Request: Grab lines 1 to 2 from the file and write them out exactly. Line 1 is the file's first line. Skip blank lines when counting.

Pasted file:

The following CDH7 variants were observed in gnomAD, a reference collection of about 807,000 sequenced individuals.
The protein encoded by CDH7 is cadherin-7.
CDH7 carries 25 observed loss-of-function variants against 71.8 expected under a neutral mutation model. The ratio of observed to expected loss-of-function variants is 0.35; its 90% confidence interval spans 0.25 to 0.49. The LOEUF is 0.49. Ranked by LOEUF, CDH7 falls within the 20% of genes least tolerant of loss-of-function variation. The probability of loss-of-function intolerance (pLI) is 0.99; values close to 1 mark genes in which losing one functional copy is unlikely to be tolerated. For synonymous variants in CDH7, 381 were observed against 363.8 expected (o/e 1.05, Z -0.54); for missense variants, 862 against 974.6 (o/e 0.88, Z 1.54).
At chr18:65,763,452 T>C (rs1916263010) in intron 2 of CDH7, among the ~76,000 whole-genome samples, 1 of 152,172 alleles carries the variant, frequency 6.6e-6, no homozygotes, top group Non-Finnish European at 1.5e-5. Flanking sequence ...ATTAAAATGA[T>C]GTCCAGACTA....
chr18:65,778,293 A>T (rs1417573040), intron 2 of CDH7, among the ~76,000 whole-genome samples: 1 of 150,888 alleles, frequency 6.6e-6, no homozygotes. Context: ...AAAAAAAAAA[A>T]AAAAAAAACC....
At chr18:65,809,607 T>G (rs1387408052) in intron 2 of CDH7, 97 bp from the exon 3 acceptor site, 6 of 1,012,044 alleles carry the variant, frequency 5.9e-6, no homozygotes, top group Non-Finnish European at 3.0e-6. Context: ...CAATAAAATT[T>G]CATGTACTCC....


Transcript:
The following CDH7 variants were observed in gnomAD, a reference collection of about 807,000 sequenced individuals.
The protein encoded by CDH7 is cadherin-7.